This is the News in Brief from the United Nations.
Tobacco use falling at last among males, says WHO
Two decades of increasing tobacco use around the world are set to go into reverse, UN health experts have said, after publishing data indicating that fewer men and boys are smoking than before.
According to the World Health Organization (WHO), this is the first time that nicotine product use have begun to fall among men and boys, who represent four in five smokers.
Around one billion males use tobacco and that number rose by 40 million between the year 2000 and 2018.
But thanks to tough Government measures against smoking, the WHO believes that by 2020, at least two million fewer males will be using tobacco and five million by 2025.
South-East Asian nations have the highest rate of tobacco use, with more than 45 per cent of males and females concerned.
But this trend is projected to fall to around 25 per cent by 2025 – the same level as Europe and the Western Pacific Region including China, WHO said.
Cholera cases decreased globally by 60 per cent in 2018: WHO
Staying with the WHO, it also announced on Thursday that the number of cholera cases decreased globally by 60 per cent in 2018, compared with 2017.
This points to successful prevention and care of the sick in major cholera hotspots, which include Haiti, Somalia and the Democratic Republic of the Congo.
According to data from 34 countries, there were around 500,000 cases of cholera in 2018 and almost 3,000 confirmed deaths - although the true global number is likely to be much higher.
Outbreaks are still ongoing in several countries, including war-torn Yemen, where the UN agency says that reporting is “imprecise”.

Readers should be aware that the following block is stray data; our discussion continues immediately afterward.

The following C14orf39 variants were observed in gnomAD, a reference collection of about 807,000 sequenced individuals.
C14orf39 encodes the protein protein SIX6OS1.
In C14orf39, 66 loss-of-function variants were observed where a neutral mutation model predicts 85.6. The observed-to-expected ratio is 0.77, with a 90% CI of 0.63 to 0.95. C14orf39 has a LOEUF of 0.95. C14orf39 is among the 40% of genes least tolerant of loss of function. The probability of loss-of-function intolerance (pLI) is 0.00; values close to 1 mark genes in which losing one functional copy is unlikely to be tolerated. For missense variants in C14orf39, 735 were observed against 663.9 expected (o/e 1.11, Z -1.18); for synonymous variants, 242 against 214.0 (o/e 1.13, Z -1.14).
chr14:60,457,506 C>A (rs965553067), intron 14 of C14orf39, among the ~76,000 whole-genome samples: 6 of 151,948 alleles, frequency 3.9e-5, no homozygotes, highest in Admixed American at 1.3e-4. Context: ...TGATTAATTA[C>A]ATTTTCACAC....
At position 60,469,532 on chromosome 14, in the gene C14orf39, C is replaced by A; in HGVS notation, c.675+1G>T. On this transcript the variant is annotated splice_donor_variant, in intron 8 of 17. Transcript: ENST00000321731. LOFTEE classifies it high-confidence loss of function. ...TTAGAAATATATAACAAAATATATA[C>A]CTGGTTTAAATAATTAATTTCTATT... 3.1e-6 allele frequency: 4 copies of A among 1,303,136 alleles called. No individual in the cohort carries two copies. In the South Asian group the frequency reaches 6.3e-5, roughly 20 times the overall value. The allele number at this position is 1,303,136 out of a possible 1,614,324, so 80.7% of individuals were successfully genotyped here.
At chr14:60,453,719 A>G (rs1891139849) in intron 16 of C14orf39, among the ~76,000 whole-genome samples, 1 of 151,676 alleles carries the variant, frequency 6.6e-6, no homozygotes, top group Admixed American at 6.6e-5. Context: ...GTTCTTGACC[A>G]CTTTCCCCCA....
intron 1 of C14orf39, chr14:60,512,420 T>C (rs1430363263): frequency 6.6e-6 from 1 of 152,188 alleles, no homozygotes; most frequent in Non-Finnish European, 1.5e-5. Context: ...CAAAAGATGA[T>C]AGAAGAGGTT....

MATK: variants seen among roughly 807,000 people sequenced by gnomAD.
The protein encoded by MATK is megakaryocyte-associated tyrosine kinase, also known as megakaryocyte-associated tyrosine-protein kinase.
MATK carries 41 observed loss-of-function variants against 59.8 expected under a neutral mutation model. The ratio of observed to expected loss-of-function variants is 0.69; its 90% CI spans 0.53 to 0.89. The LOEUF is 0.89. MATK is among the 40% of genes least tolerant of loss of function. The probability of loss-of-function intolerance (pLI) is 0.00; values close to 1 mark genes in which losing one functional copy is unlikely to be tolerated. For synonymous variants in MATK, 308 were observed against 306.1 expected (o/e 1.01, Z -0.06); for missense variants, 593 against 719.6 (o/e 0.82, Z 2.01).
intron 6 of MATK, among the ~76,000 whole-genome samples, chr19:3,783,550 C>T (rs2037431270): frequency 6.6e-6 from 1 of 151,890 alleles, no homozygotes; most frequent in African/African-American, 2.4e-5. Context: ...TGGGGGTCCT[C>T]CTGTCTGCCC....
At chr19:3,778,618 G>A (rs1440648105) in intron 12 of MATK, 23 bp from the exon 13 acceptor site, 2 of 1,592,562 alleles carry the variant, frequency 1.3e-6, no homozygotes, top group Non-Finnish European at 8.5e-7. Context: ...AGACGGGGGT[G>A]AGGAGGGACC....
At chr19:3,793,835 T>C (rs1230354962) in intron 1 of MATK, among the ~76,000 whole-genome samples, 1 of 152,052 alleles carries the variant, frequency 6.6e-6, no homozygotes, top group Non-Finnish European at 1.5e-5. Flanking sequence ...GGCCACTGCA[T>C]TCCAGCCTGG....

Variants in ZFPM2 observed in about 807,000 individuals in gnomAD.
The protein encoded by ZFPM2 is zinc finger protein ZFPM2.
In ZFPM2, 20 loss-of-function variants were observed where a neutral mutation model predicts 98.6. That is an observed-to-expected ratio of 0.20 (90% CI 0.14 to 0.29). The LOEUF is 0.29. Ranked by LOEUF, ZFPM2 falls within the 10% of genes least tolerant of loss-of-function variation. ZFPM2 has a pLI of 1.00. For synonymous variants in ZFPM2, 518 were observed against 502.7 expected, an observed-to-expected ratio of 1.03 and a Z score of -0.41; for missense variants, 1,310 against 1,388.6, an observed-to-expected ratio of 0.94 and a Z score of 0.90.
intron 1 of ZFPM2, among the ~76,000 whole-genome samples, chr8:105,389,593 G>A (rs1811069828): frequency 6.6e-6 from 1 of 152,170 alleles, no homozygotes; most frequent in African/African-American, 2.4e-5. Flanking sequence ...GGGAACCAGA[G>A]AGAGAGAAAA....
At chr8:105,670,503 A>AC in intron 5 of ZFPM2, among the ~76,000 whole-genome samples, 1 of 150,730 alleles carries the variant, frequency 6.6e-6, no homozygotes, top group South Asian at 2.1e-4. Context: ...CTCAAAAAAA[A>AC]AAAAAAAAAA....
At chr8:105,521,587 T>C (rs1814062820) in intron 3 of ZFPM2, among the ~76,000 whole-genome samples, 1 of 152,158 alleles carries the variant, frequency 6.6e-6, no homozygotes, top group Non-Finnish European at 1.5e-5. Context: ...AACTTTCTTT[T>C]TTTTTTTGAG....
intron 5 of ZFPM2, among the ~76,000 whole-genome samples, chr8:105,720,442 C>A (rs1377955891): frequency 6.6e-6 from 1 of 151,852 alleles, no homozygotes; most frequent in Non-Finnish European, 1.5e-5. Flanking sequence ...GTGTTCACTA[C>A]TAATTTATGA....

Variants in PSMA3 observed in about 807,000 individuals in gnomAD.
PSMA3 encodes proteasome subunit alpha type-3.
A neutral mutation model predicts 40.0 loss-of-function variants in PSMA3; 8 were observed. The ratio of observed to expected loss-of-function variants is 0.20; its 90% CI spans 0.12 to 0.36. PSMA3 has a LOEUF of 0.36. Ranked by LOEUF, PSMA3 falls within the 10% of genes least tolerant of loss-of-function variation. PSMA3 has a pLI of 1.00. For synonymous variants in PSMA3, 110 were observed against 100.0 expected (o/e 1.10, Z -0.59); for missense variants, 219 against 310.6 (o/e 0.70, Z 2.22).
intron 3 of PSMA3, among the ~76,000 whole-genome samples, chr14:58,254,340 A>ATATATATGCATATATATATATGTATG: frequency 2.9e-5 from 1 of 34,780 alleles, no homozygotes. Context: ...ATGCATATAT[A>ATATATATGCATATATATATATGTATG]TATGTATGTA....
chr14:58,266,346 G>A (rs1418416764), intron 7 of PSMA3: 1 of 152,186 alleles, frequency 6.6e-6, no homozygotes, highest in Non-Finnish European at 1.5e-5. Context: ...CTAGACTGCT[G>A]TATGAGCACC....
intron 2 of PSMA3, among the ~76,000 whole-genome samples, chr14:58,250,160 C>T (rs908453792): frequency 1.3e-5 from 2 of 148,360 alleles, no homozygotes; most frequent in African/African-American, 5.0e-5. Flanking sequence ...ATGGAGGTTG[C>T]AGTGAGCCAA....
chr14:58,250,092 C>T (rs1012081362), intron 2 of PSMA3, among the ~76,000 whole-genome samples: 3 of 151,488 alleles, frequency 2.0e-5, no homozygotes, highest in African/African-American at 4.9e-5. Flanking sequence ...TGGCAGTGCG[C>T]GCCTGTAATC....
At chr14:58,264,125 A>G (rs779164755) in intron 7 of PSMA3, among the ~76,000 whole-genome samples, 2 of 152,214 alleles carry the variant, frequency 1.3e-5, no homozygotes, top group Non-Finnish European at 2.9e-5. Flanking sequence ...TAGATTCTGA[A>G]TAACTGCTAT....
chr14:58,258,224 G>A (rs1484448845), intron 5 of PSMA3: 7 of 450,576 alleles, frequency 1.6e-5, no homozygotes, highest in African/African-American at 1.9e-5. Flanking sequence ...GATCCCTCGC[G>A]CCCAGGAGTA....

Nonetheless, it still believes that there has been a “significant downward trend” in the transmission of cholera, which affects mainly the people of developing countries who lack access to clean water.
Dr. Dominique Legros, who heads WHO’s cholera programme in Geneva, said that the global decrease is in part linked to large-scale vaccination campaigns; in 2018, nearly 18 million doses of vaccine reached 11 countries.
National Governments are leading the effort to eradicate cholera too, Dr. Legros added, in particular the bid to reduce deaths by 90 per cent and to eliminate transmission in up to 20 countries by 2030.
Several countries had made “remarkable gains in cholera control and prevention”, Dr Legros said, including Zambia, South Sudan, United Republic of Tanzania, Somalia, Bangladesh, and Nigeria.
Terror threat in Nigeria’s north-east inspires musical of hope
And finally, a story of hope from Nigeria, where a theatre production that was inspired by the humanitarian crisis in the country’s north-east, premieres on Thursday.
Bintu, the musical, takes its name from a young girl whose dreams of going to university are cut short by armed insurgents.
After finding refuge in a camp, Bintu receives international assistance and slowly rebuilds her life.
Written and directed by Nigerian playwright Agozie Ugwu, with the help of the World Food Programme, the performance relies on song, dance and poetry to depict people’s struggles and their will to survive – along with the life-saving aid they receive.
The show opens in Lagos and transfers to Abuja early next year.
“This work goes beyond a theatre piece,” Mr. Ugwu said. “It is a call to action from humanity to help humanity.”
To date, conflict between extremists and State forces in Borno, Adamawa and Yobe states has driven an estimated two million people from their homes. Nearly three million people struggle to meet their food needs in the three crisis-affected states - almost double the number at the same time last year.
In 2019, WFP and partners have served an average of 800,000 people with food or cash every month.
Daniel Johnson, UN News